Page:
A weekend in Iceland: an overview

As I proclaimed in a recent Instagram post: Iceland was never on my bucket list. I am perpetually cold. Why would I want to shoot myself through the air only to land in a country that has the word ‘ice’ in its moniker and has a total warmth of 11 degrees centigrade even in JULY?

Well, I’m a convert. I’m just back from a four-day prance in the wilderness (and Reykjavik), and it currently stands as number two in my ‘worlds’ most beautiful countries’* list.

To be fair, in retrospect, I was always going to like it. The mysteriously eerie buildings lining the streets of its capital made me feel like I was starring in my very own murder mystery thriller, with myself, naturally, as the detective, murder victim and murderer, of course. The crop haired men and women of Reykjavik, dressed stylishly-goth-mod with their ‘netjes’ black shirts and bomber jackets that looked straight out of some hipster bands newest music video moved gracefully through the streets in packs of three or four, sashaying past us tourists in our ski jackets and bobble hats. But actually, they were lovely, all of them. So, so polite. They always answered to a ‘thank you’ first in their own language ‘Þakka þér fyrir‘, before repeating the English back to us.

The wilderness, though. That‘s what really got to us all. Iceland is rough and majestic all at once. With bulbous volcanic rocks sprouting out from the earth, black and moss covered; the darkest, roughest sand strewn across their beaches; and the pops of orange and red against the milky blue pools of boiling hot, sulphuric water, there was more than enough to be in left in awe at.

We spent a good portion of our days there driving along the coast, or through the countryside, on the hunt for waterfalls, forests, and geysers. Luckily enough, we came across them all, and managed to tick of the top four of the top ten sights-to-see-in-Iceland within the first two days, whilst we happily stumbled onto some more hidden gems after being advised to hit the south coast by a great guide in the tourist centre on one of the latter days.

Check my next post for the start of a more detailed furrow into Iceland, but for now, let me leave you with a few tips that helped us have one hell of a wonderful weekend…

My top tips for surviving a trip to Iceland.

Here are some of the best pieces of advice I can conjure up if you’re headed to Iceland for 5 or fewer days:

• Rent a car if it’s a possibility. Although expensive (which believe me, is a theme in Iceland), it is by far the best way to see what you want to see without having to wait on time schedules or other people.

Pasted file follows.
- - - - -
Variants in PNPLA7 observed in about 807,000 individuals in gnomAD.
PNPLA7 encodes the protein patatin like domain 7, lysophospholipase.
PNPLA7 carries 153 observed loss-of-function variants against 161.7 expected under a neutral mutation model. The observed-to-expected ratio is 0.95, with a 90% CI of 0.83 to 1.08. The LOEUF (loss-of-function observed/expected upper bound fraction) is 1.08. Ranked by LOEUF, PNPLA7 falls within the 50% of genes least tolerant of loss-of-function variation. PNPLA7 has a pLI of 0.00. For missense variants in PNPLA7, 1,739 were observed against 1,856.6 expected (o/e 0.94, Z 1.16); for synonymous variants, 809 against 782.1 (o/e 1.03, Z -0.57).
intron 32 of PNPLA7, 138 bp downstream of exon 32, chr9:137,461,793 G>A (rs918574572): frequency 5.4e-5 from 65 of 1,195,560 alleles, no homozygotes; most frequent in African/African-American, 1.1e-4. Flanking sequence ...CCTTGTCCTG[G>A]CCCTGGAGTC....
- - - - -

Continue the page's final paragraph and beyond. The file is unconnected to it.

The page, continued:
• Staying in Reykjavik is a good idea, UNLESS you want to discover a little bit more out in the wild. With the daylight hours being few (about 5 or 6 per day in the winter), you won’t be able to drive more than an hour/an hour and a half out of the centre if you also want to actually see something of the nature. Nobody wants to be driving in the dark, wet, and sometimes icy conditions that come with the territory once 5pm comes around, so be sure to get yourself the right kind of accommodation – whether that be hotel, apartment or camper.

• Buy groceries where possible. Iceland is known for being the most expensive country in Europe and it’s not a lie. Iceland’s currency is the Krona. You’ll get about 7.50 per 1000 Krona. But a regular sized glass of beer or cider is approximately 1,200 Krona, so around 8.20 Euros for less than a pint. Steep.

• Wrap up warm. Ok, it sounds dumb, but honestly, we almost left for Iceland without our ski jackets because we weren’t forecast any snow, and the temperatures were due to stay above 0. Don’t fall for the weather forecast every time.

• Go exploring. Even though you probably have the most recent guide book, with all the top sights cemented into place, don’t think that going off on your own little adventure won’t show you all the beauty that Iceland has to offer. One of our best sight-seeing days included a complete change of plan in the space of one hour. Unless you want to be followed around by other tourists all day, breaking the pattern and going off on your own can make for a breathtaking day! Always ensure to stay safe if you decide to do this though. Don’t get caught out in the middle of nowhere in a snowstorm.

Have you ever been to Icealand? What are your thoughts?
Until next time!
Simone x

*Number one is New Zealand, and will never be beaten.


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